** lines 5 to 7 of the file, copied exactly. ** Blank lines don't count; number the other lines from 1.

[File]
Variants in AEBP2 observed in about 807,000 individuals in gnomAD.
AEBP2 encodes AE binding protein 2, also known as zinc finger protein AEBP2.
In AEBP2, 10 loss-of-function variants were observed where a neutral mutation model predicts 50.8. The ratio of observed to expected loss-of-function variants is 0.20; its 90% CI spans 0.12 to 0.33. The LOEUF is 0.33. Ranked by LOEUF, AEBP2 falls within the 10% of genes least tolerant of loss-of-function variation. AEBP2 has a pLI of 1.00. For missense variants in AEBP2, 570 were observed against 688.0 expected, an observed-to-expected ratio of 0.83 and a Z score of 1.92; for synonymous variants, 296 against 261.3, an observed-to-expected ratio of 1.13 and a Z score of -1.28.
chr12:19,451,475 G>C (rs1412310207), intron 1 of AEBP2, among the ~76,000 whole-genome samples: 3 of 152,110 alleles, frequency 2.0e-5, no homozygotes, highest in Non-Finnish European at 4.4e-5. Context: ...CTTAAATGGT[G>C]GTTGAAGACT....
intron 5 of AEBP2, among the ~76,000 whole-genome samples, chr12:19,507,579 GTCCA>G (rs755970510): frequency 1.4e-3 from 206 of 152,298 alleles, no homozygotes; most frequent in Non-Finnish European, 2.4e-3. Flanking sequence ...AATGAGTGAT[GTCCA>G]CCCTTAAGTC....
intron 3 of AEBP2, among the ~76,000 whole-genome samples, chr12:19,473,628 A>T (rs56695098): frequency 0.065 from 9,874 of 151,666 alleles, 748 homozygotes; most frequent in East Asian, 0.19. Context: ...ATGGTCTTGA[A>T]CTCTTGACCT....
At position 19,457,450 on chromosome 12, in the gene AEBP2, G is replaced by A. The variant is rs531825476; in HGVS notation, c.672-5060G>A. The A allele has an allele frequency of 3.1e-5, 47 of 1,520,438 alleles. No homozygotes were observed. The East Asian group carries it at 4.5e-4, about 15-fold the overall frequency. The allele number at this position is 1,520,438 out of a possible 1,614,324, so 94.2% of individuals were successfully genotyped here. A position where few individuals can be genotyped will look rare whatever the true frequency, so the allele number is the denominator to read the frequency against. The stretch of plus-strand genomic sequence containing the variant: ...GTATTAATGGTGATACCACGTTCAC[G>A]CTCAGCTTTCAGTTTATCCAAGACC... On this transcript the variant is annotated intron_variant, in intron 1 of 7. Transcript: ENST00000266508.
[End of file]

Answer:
intron 5 of AEBP2, among the ~76,000 whole-genome samples, chr12:19,507,579 GTCCA>G (rs755970510): frequency 1.4e-3 from 206 of 152,298 alleles, no homozygotes; most frequent in Non-Finnish European, 2.4e-3. Flanking sequence ...AATGAGTGAT[GTCCA>G]CCCTTAAGTC....
intron 3 of AEBP2, among the ~76,000 whole-genome samples, chr12:19,473,628 A>T (rs56695098): frequency 0.065 from 9,874 of 151,666 alleles, 748 homozygotes; most frequent in East Asian, 0.19. Context: ...ATGGTCTTGA[A>T]CTCTTGACCT....
At position 19,457,450 on chromosome 12, in the gene AEBP2, G is replaced by A. The variant is rs531825476; in HGVS notation, c.672-5060G>A. The A allele has an allele frequency of 3.1e-5, 47 of 1,520,438 alleles. No homozygotes were observed. The East Asian group carries it at 4.5e-4, about 15-fold the overall frequency. The allele number at this position is 1,520,438 out of a possible 1,614,324, so 94.2% of individuals were successfully genotyped here. A position where few individuals can be genotyped will look rare whatever the true frequency, so the allele number is the denominator to read the frequency against. The stretch of plus-strand genomic sequence containing the variant: ...GTATTAATGGTGATACCACGTTCAC[G>A]CTCAGCTTTCAGTTTATCCAAGACC... On this transcript the variant is annotated intron_variant, in intron 1 of 7. Transcript: ENST00000266508.